How social media has changed Private Investigation

How social media has changed Private Investigation

Social media has changed the way the world works. From how we communicate with each other each day to how businesses operate. It’s become a part of everyday life so far that most people post everything about their lives without really thinking about it. On a personal level, this rarely causes complication, but for a private investigator, it opens up a whole new world of investigating.

Social media sites such as Facebook, Twitter and Instagram have given never-before-seen visibility to a person’s life and activities. Checking in, posting photos, liking pages and updating statuses has seeming become an essential part of day-to-day activities. With smartphones, we’re constantly logged in (or can be at the touch of a button) to a completely public platform.

Social media investigations can shed a whole new light over a person’s behaviour and can reveal information that the user might prefer kept secret in the following ways:

Public profiles

When you set up a new social media profile (whether it’s Facebook Twitter, Instagram or something else) the page will not be private by default. While the companies that build the social platform are trying to help people maintain their privacy, most of the setting needs to be selected by the user.

This means that whether they realise or not, everything a person does on social media can be seen by anyone. This includes places they go, pages they like and people they are friends with, making it easy for a private investigator to get to know them, their routines, their friends, so they can monitor changes in behavior or find leads to investigate.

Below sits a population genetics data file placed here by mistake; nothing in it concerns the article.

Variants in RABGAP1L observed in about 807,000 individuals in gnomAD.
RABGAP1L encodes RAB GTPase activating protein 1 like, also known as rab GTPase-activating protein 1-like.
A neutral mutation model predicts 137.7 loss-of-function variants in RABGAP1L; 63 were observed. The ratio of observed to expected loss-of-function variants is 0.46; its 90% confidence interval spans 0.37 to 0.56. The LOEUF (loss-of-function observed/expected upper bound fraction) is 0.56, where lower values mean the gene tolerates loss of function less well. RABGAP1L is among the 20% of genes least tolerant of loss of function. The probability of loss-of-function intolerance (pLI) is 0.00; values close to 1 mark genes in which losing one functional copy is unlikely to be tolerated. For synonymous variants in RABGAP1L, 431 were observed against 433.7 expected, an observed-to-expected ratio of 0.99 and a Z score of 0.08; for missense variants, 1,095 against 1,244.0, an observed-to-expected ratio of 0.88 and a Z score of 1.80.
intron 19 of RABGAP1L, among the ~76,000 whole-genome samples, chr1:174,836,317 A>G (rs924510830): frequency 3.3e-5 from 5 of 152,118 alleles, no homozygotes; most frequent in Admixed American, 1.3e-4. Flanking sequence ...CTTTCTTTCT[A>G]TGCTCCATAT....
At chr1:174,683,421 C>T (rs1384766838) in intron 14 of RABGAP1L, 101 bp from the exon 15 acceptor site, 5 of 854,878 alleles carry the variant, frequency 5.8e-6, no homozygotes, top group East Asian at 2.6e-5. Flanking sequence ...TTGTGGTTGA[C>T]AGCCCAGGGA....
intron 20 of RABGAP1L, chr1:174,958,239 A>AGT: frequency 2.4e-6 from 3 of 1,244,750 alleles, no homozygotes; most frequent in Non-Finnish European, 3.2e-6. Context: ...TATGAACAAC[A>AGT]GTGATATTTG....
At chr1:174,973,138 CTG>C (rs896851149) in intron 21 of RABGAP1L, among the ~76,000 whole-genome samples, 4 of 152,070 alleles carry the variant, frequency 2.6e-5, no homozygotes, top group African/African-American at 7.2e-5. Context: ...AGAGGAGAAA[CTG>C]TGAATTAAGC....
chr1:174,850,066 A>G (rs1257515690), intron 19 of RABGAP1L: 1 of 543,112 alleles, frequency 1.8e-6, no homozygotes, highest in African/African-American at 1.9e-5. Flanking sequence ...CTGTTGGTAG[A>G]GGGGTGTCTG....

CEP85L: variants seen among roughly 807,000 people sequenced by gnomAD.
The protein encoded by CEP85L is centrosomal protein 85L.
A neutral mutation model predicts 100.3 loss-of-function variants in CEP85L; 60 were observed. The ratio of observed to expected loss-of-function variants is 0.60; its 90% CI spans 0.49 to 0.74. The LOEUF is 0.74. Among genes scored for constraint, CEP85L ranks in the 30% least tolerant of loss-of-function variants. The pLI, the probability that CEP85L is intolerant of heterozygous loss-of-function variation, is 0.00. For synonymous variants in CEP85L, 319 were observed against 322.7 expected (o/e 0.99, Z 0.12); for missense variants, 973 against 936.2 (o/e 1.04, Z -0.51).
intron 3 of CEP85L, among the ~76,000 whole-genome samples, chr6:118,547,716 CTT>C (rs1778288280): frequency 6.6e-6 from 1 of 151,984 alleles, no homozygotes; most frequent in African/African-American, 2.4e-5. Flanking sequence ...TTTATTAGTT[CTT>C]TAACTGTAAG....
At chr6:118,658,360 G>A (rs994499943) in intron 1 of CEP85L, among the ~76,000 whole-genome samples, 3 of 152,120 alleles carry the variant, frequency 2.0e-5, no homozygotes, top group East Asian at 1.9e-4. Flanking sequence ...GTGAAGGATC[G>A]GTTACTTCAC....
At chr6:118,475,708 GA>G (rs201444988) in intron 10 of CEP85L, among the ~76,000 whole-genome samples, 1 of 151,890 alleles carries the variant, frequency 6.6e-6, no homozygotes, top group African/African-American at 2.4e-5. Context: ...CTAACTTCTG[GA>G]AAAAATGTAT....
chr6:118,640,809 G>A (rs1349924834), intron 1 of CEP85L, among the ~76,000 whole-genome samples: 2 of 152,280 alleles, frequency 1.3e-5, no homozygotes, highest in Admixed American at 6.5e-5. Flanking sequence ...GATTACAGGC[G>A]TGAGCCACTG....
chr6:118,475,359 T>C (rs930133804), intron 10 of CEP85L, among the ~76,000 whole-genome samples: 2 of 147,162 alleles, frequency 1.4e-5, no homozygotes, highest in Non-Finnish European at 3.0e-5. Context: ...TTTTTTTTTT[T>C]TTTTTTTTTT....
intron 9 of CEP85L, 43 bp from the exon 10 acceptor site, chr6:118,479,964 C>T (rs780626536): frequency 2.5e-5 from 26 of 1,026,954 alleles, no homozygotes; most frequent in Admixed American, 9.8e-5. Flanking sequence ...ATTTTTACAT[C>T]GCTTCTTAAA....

Catfishing/fake profiles

In some cases, a person’s online persona is completely different to their real one. When you set up a page you have to input a certain amount of detail, including name, email address, location etc. But there is no need to prove you are the person the profile relates to. It’s frighteningly easy to set up a fake profile and trick people into believing you are that person. This is known as catfishing – a term coined by its namesake, the popular movie and now MTV show.

Fake profiles are often created to hide something; often a relationship. Fake profiles are quite easy to find, and often the person being catfished will notice something is wrong. Often the person won’t want to talk on the phone, video chat or meet up.

There are several tricks in an investigators arsenal to expose a fake profile. Firstly, a simple reverse-image search can show you the source of the image. If it is a legitimate picture, there will be no results. You can also search their full name and analyse the results.

Tagging

Anyone from your friends list can tag you in a post or picture. This included a date stamp and location, which can often give away more information than you might like.

Facebook also assigns tags to posts, which may happen without you knowing, known as geotagging.  Although this is an optional setting, you could inadvertently allow your social media provider to post your location at any time.

Social media is designed to bring people together, but often it can drive you apart. Private investigators can ethically find out a great deal of information just by looking at social media. This practice is completely legal and does not involve any hacking, rather just searching in the right places and knowing what to look for; spotting the signs.

Social media investigations are becoming more and more common. Get in touch today if you would like to discuss how this type of investigation can help you.